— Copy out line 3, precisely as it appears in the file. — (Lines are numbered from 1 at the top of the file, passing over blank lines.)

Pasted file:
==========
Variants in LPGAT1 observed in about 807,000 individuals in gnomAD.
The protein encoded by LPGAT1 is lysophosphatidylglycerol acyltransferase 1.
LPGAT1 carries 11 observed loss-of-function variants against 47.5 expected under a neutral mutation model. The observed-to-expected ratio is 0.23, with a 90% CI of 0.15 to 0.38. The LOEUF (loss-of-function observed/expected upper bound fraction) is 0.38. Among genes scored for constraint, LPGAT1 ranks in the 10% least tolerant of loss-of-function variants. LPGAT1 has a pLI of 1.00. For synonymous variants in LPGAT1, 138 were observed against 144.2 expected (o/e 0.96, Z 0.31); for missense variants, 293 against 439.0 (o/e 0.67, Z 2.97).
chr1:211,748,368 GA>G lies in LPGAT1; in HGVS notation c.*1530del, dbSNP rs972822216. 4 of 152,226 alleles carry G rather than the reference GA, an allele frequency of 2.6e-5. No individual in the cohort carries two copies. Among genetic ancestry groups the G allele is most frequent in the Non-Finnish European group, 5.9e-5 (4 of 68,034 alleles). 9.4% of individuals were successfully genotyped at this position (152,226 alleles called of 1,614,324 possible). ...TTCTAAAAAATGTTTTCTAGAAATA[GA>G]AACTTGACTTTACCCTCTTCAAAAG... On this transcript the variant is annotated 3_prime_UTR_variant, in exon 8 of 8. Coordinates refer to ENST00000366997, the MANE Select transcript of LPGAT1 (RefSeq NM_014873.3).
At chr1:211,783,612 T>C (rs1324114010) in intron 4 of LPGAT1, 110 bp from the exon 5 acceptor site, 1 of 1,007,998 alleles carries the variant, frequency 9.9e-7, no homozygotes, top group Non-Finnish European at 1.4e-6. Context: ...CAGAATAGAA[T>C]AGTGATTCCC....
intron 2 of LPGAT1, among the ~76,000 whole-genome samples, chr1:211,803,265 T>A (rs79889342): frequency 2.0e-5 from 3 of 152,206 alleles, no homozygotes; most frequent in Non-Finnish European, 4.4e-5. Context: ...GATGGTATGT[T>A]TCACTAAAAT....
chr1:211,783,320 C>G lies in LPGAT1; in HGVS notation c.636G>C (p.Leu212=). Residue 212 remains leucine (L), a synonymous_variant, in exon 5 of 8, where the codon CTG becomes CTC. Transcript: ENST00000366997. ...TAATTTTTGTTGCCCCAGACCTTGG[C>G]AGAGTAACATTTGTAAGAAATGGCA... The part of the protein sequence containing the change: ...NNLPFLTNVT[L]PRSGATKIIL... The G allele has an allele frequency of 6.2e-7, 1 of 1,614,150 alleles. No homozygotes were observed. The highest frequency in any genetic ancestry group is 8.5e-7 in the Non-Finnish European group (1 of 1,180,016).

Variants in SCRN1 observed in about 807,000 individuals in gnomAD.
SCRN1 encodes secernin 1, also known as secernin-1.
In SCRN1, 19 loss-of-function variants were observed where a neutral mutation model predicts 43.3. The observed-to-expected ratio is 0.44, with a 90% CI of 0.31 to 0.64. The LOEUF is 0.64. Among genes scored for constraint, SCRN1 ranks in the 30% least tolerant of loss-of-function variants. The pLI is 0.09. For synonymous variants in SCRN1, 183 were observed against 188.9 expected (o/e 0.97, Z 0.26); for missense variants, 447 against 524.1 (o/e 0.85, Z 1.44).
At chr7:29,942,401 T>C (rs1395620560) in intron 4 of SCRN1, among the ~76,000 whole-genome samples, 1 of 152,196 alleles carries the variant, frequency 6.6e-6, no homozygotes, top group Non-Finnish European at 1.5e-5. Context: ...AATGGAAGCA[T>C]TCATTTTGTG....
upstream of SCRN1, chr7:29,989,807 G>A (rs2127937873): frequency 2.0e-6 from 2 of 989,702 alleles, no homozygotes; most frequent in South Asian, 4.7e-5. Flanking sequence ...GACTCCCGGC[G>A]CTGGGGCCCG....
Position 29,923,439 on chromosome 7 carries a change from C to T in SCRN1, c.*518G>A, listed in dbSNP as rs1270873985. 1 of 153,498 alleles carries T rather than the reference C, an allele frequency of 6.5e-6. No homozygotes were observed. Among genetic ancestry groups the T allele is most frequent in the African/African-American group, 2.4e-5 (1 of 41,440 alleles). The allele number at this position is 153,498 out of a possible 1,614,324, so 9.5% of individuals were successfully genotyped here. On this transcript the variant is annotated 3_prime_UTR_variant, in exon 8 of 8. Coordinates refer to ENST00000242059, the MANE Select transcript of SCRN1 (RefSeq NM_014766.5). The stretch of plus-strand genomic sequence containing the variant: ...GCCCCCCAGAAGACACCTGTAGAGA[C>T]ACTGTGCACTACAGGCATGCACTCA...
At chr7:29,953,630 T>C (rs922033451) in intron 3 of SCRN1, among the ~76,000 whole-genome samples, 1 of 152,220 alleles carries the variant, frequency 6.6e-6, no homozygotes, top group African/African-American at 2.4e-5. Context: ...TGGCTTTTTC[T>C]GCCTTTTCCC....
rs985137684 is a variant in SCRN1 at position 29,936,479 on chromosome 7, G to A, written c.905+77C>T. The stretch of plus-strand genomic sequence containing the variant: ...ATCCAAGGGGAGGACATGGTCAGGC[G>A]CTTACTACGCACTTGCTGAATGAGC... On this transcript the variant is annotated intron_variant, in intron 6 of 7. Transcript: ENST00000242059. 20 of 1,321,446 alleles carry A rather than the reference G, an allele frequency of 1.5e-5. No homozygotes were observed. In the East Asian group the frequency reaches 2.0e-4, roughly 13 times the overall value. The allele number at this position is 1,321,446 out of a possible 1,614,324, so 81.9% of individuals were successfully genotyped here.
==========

LPGAT1 carries 11 observed loss-of-function variants against 47.5 expected under a neutral mutation model. The observed-to-expected ratio is 0.23, with a 90% CI of 0.15 to 0.38. The LOEUF (loss-of-function observed/expected upper bound fraction) is 0.38. Among genes scored for constraint, LPGAT1 ranks in the 10% least tolerant of loss-of-function variants. LPGAT1 has a pLI of 1.00. For synonymous variants in LPGAT1, 138 were observed against 144.2 expected (o/e 0.96, Z 0.31); for missense variants, 293 against 439.0 (o/e 0.67, Z 2.97).